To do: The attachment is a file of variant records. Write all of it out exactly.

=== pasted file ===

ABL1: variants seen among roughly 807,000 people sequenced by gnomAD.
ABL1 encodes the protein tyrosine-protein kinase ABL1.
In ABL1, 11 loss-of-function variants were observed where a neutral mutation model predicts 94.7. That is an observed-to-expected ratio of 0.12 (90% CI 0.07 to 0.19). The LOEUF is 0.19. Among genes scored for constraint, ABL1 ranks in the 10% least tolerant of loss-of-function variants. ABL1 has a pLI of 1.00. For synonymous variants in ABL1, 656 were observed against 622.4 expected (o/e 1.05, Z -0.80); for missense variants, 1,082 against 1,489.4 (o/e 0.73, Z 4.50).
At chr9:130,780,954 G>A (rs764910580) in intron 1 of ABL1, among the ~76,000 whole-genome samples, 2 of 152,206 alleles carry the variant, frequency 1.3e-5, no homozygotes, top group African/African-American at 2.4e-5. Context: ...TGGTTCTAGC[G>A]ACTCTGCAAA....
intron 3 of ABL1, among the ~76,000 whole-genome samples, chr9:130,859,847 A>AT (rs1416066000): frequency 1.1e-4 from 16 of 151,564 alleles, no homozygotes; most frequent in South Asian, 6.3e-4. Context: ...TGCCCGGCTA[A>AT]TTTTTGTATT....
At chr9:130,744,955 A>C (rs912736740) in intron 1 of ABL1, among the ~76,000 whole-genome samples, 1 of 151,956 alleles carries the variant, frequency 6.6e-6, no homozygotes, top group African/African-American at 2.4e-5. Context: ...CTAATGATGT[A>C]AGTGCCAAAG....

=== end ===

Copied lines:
ABL1: variants seen among roughly 807,000 people sequenced by gnomAD.
ABL1 encodes the protein tyrosine-protein kinase ABL1.
In ABL1, 11 loss-of-function variants were observed where a neutral mutation model predicts 94.7. That is an observed-to-expected ratio of 0.12 (90% CI 0.07 to 0.19). The LOEUF is 0.19. Among genes scored for constraint, ABL1 ranks in the 10% least tolerant of loss-of-function variants. ABL1 has a pLI of 1.00. For synonymous variants in ABL1, 656 were observed against 622.4 expected (o/e 1.05, Z -0.80); for missense variants, 1,082 against 1,489.4 (o/e 0.73, Z 4.50).
At chr9:130,780,954 G>A (rs764910580) in intron 1 of ABL1, among the ~76,000 whole-genome samples, 2 of 152,206 alleles carry the variant, frequency 1.3e-5, no homozygotes, top group African/African-American at 2.4e-5. Context: ...TGGTTCTAGC[G>A]ACTCTGCAAA....
intron 3 of ABL1, among the ~76,000 whole-genome samples, chr9:130,859,847 A>AT (rs1416066000): frequency 1.1e-4 from 16 of 151,564 alleles, no homozygotes; most frequent in South Asian, 6.3e-4. Context: ...TGCCCGGCTA[A>AT]TTTTTGTATT....
At chr9:130,744,955 A>C (rs912736740) in intron 1 of ABL1, among the ~76,000 whole-genome samples, 1 of 151,956 alleles carries the variant, frequency 6.6e-6, no homozygotes, top group African/African-American at 2.4e-5. Context: ...CTAATGATGT[A>C]AGTGCCAAAG....